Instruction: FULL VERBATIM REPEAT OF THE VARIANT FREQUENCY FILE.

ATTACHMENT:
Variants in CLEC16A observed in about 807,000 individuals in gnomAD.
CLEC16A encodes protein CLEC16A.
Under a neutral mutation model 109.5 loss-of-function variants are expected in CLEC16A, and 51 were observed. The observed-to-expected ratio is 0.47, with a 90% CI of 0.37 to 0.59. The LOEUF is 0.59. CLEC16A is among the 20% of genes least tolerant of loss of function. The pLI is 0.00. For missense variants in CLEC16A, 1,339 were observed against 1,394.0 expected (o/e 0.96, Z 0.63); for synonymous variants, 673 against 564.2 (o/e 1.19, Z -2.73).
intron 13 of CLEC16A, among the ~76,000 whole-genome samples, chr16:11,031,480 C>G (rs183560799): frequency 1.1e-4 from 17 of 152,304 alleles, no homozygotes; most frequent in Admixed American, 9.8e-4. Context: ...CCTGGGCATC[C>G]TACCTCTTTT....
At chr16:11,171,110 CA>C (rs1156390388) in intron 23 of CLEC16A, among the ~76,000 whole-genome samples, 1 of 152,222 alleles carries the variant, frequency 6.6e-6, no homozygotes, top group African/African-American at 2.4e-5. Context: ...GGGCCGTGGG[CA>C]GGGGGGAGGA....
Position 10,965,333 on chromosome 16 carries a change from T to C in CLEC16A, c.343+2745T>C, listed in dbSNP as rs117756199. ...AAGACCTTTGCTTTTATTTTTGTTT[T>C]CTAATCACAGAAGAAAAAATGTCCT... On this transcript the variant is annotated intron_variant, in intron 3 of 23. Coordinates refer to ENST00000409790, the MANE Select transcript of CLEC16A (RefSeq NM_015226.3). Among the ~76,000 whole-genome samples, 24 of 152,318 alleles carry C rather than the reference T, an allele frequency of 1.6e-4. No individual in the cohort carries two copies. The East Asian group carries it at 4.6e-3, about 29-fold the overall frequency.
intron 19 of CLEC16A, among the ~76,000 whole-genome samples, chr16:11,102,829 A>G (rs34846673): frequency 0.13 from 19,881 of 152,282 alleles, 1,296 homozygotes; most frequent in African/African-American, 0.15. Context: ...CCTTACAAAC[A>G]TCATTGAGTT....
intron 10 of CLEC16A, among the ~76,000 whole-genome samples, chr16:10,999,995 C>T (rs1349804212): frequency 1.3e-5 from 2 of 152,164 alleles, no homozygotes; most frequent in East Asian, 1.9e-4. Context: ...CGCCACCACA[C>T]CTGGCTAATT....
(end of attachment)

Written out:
Variants in CLEC16A observed in about 807,000 individuals in gnomAD.
CLEC16A encodes protein CLEC16A.
Under a neutral mutation model 109.5 loss-of-function variants are expected in CLEC16A, and 51 were observed. The observed-to-expected ratio is 0.47, with a 90% CI of 0.37 to 0.59. The LOEUF is 0.59. CLEC16A is among the 20% of genes least tolerant of loss of function. The pLI is 0.00. For missense variants in CLEC16A, 1,339 were observed against 1,394.0 expected (o/e 0.96, Z 0.63); for synonymous variants, 673 against 564.2 (o/e 1.19, Z -2.73).
intron 13 of CLEC16A, among the ~76,000 whole-genome samples, chr16:11,031,480 C>G (rs183560799): frequency 1.1e-4 from 17 of 152,304 alleles, no homozygotes; most frequent in Admixed American, 9.8e-4. Context: ...CCTGGGCATC[C>G]TACCTCTTTT....
At chr16:11,171,110 CA>C (rs1156390388) in intron 23 of CLEC16A, among the ~76,000 whole-genome samples, 1 of 152,222 alleles carries the variant, frequency 6.6e-6, no homozygotes, top group African/African-American at 2.4e-5. Context: ...GGGCCGTGGG[CA>C]GGGGGGAGGA....
Position 10,965,333 on chromosome 16 carries a change from T to C in CLEC16A, c.343+2745T>C, listed in dbSNP as rs117756199. ...AAGACCTTTGCTTTTATTTTTGTTT[T>C]CTAATCACAGAAGAAAAAATGTCCT... On this transcript the variant is annotated intron_variant, in intron 3 of 23. Coordinates refer to ENST00000409790, the MANE Select transcript of CLEC16A (RefSeq NM_015226.3). Among the ~76,000 whole-genome samples, 24 of 152,318 alleles carry C rather than the reference T, an allele frequency of 1.6e-4. No individual in the cohort carries two copies. The East Asian group carries it at 4.6e-3, about 29-fold the overall frequency.
intron 19 of CLEC16A, among the ~76,000 whole-genome samples, chr16:11,102,829 A>G (rs34846673): frequency 0.13 from 19,881 of 152,282 alleles, 1,296 homozygotes; most frequent in African/African-American, 0.15. Context: ...CCTTACAAAC[A>G]TCATTGAGTT....
intron 10 of CLEC16A, among the ~76,000 whole-genome samples, chr16:10,999,995 C>T (rs1349804212): frequency 1.3e-5 from 2 of 152,164 alleles, no homozygotes; most frequent in East Asian, 1.9e-4. Context: ...CGCCACCACA[C>T]CTGGCTAATT....